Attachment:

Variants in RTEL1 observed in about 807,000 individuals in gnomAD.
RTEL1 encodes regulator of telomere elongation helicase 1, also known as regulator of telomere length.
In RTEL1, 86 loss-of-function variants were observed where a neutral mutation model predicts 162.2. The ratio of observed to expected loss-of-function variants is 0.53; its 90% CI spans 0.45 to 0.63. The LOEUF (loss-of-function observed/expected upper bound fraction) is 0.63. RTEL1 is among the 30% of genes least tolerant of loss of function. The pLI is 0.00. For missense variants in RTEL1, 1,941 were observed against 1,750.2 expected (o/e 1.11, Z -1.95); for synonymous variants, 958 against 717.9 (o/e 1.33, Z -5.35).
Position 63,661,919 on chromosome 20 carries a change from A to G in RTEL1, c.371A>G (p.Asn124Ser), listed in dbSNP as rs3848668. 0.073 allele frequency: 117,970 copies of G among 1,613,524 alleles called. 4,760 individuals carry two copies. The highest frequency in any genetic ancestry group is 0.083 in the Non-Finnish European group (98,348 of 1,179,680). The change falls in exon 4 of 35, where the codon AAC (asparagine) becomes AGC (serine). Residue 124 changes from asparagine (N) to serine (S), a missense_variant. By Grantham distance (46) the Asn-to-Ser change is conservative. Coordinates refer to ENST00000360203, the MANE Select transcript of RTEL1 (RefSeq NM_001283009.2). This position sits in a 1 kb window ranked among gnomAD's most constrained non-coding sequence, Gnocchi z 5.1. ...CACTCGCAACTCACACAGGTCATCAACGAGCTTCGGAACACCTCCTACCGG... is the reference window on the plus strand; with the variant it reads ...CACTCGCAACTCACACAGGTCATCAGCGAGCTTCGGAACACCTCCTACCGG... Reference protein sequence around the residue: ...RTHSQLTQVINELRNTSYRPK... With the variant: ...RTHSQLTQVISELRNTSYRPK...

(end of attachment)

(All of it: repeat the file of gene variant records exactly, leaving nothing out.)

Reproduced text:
Variants in RTEL1 observed in about 807,000 individuals in gnomAD.
RTEL1 encodes regulator of telomere elongation helicase 1, also known as regulator of telomere length.
In RTEL1, 86 loss-of-function variants were observed where a neutral mutation model predicts 162.2. The ratio of observed to expected loss-of-function variants is 0.53; its 90% CI spans 0.45 to 0.63. The LOEUF (loss-of-function observed/expected upper bound fraction) is 0.63. RTEL1 is among the 30% of genes least tolerant of loss of function. The pLI is 0.00. For missense variants in RTEL1, 1,941 were observed against 1,750.2 expected (o/e 1.11, Z -1.95); for synonymous variants, 958 against 717.9 (o/e 1.33, Z -5.35).
Position 63,661,919 on chromosome 20 carries a change from A to G in RTEL1, c.371A>G (p.Asn124Ser), listed in dbSNP as rs3848668. 0.073 allele frequency: 117,970 copies of G among 1,613,524 alleles called. 4,760 individuals carry two copies. The highest frequency in any genetic ancestry group is 0.083 in the Non-Finnish European group (98,348 of 1,179,680). The change falls in exon 4 of 35, where the codon AAC (asparagine) becomes AGC (serine). Residue 124 changes from asparagine (N) to serine (S), a missense_variant. By Grantham distance (46) the Asn-to-Ser change is conservative. Coordinates refer to ENST00000360203, the MANE Select transcript of RTEL1 (RefSeq NM_001283009.2). This position sits in a 1 kb window ranked among gnomAD's most constrained non-coding sequence, Gnocchi z 5.1. ...CACTCGCAACTCACACAGGTCATCAACGAGCTTCGGAACACCTCCTACCGG... is the reference window on the plus strand; with the variant it reads ...CACTCGCAACTCACACAGGTCATCAGCGAGCTTCGGAACACCTCCTACCGG... Reference protein sequence around the residue: ...RTHSQLTQVINELRNTSYRPK... With the variant: ...RTHSQLTQVISELRNTSYRPK...